Almost every city in America right now is pushing to create more affordable housing. Rightly so, too, as the National Low Income Housing Coalition reports that the for every 100 extremely low income renter households across the country there are only 35 affordable and available rental homes. That adds up to a shortage of 7.2 million rental homes that are affordable and available to extremely low income renters. The National Low Income Housing Coalition defines extremely low income renters as those with incomes at or below the poverty level or 30 percent of the area median income.
One solution to the affordable housing crisis that has gained traction in some major cities recently is the idea of installing accessory dwelling units (ADUs). ADUs are small apartments or houses that are typically built in the backyard of a single family house, or are the result of a garage converted to an apartment. The beauty of the ADU is that they can provide additional housing in areas that are zoned for single-family housing. This is a sneaky way to increase the density of the area without rezoning it or demolishing single-family units and building new multi-family apartments. Cities that have large swaths of neighborhoods dominated by single family housing, such Portland, Oregon, and San Francisco have been some of the early adopters of ADU policies.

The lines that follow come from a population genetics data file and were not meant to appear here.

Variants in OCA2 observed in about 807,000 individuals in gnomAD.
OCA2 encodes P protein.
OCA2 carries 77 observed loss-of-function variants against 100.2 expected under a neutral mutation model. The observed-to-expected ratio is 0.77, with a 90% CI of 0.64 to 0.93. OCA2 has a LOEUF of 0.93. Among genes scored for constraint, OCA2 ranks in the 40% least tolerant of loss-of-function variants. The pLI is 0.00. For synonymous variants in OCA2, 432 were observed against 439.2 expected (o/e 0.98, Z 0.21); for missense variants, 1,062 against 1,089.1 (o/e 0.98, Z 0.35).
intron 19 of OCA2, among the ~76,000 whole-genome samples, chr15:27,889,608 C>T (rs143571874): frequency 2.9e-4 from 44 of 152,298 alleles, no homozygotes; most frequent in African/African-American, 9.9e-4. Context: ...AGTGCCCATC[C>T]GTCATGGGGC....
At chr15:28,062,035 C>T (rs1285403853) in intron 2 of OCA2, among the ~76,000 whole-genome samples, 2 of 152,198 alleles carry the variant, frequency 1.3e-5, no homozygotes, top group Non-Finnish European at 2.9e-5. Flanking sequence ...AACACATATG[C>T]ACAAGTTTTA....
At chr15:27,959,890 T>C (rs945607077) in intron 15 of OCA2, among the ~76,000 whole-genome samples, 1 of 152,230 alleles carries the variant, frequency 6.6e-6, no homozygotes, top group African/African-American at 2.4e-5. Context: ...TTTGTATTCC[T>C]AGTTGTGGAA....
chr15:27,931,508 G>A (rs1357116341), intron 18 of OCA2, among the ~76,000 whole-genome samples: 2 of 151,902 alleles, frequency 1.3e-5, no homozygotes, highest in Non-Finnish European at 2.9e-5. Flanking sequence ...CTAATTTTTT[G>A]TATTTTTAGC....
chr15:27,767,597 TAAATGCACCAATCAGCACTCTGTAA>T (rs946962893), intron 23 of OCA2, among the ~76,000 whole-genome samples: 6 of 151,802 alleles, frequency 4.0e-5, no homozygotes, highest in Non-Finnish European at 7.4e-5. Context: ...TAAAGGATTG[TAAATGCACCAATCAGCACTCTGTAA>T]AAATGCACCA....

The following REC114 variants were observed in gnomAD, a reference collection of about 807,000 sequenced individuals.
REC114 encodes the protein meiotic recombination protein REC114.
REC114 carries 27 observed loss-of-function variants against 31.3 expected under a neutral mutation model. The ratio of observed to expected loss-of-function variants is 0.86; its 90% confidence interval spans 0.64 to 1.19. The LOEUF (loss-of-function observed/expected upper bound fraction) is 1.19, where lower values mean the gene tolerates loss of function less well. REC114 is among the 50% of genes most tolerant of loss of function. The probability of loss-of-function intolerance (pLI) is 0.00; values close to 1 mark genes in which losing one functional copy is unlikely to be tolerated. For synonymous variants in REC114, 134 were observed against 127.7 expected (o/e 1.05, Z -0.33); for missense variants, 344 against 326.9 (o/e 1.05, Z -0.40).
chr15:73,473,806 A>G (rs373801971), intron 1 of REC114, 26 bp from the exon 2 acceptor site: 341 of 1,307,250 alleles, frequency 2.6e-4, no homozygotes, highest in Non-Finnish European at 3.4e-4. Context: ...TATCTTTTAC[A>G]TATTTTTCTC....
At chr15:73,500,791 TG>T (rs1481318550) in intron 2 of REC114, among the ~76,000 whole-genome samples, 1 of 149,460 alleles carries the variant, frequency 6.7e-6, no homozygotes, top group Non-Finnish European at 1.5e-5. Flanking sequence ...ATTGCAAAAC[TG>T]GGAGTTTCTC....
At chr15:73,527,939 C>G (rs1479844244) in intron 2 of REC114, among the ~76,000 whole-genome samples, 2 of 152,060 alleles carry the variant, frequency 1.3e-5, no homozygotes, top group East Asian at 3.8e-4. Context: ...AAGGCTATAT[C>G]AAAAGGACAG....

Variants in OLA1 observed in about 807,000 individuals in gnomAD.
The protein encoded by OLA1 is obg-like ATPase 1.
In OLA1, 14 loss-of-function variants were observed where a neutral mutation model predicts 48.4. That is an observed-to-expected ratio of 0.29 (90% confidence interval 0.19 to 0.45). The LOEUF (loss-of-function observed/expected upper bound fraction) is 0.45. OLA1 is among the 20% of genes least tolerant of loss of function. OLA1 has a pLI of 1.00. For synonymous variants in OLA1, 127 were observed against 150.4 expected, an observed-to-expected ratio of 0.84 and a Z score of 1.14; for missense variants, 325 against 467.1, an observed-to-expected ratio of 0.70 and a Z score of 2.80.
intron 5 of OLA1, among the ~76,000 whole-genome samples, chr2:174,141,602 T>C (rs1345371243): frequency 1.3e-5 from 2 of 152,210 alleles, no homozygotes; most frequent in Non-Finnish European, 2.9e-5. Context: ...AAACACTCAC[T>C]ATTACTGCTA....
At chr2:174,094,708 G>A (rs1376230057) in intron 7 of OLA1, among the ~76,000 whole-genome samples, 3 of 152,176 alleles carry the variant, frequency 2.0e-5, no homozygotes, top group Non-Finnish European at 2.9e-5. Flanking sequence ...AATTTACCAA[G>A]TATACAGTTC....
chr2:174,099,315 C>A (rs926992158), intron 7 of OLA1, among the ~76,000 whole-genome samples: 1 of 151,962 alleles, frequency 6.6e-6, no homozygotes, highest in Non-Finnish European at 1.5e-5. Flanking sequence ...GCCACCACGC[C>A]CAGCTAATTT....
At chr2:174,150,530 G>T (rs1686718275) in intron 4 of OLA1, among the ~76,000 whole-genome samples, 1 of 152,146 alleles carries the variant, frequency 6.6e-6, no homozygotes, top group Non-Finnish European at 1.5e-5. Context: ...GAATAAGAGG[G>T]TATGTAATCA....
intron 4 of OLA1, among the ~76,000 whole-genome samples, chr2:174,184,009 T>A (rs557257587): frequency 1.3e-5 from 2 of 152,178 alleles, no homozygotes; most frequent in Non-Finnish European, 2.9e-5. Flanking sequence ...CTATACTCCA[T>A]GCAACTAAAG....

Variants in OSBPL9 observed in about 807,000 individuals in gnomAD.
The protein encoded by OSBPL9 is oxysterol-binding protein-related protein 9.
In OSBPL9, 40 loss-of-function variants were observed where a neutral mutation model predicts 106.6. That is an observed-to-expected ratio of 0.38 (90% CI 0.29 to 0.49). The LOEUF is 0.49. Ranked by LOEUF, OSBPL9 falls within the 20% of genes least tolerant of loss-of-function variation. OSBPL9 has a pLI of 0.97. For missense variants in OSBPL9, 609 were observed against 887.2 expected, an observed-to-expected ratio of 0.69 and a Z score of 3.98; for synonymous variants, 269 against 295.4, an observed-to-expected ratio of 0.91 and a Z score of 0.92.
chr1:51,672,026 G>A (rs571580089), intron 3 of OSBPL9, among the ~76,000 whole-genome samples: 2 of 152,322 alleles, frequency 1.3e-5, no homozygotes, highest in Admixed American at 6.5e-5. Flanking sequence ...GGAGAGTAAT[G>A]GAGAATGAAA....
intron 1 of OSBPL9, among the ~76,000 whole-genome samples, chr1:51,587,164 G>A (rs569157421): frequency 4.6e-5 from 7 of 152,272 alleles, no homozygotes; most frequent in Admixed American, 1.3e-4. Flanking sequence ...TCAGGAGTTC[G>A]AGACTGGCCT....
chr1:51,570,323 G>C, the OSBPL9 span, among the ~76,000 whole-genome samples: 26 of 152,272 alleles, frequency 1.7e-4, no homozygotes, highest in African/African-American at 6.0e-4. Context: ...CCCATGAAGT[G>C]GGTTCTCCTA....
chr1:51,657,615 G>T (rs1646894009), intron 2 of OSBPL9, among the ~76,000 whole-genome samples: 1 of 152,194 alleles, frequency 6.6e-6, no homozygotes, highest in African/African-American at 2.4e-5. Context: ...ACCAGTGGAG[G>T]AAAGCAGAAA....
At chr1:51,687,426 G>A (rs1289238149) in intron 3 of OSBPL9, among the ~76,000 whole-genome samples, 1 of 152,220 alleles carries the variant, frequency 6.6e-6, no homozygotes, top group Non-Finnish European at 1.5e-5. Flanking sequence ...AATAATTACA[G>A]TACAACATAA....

San Francisco passed a local ordinance in 2014 that legalized building one ADU per residential lot. After a successful pilot program that helped streamline the construction of new ADUs the program became citywide and eventually, statewide. One of the noted benefits of the ADU program in San Francisco was the low cost to construct, typically less than $150,000, and the subsequent low cost of rent in the units.
Portland, Oregon has taken a different approach to ADUs in the city. Portland has long struggled with a large homeless population and a lack of affordable housing. A 2017 survey found that over 4,000 people were sleeping in the streets of Portland, but the true number is estimated to be higher due to difficulties of surveying. Portland rolled out a unique policy in 2017 that offered to pay for the construction of an ADU in the backyard of Portland homeowners at no cost to the homeowner. In exchange, the homeowners would allow a homeless fmialy to live in the ADU for five years, after which point the ADU would belong fully to the homeowner, no strings attached. The policy launched in 2018, and similar programs are being tested in Seattle and Los Angeles, two other West Coast cities that are in dire need of additional affordable housing units.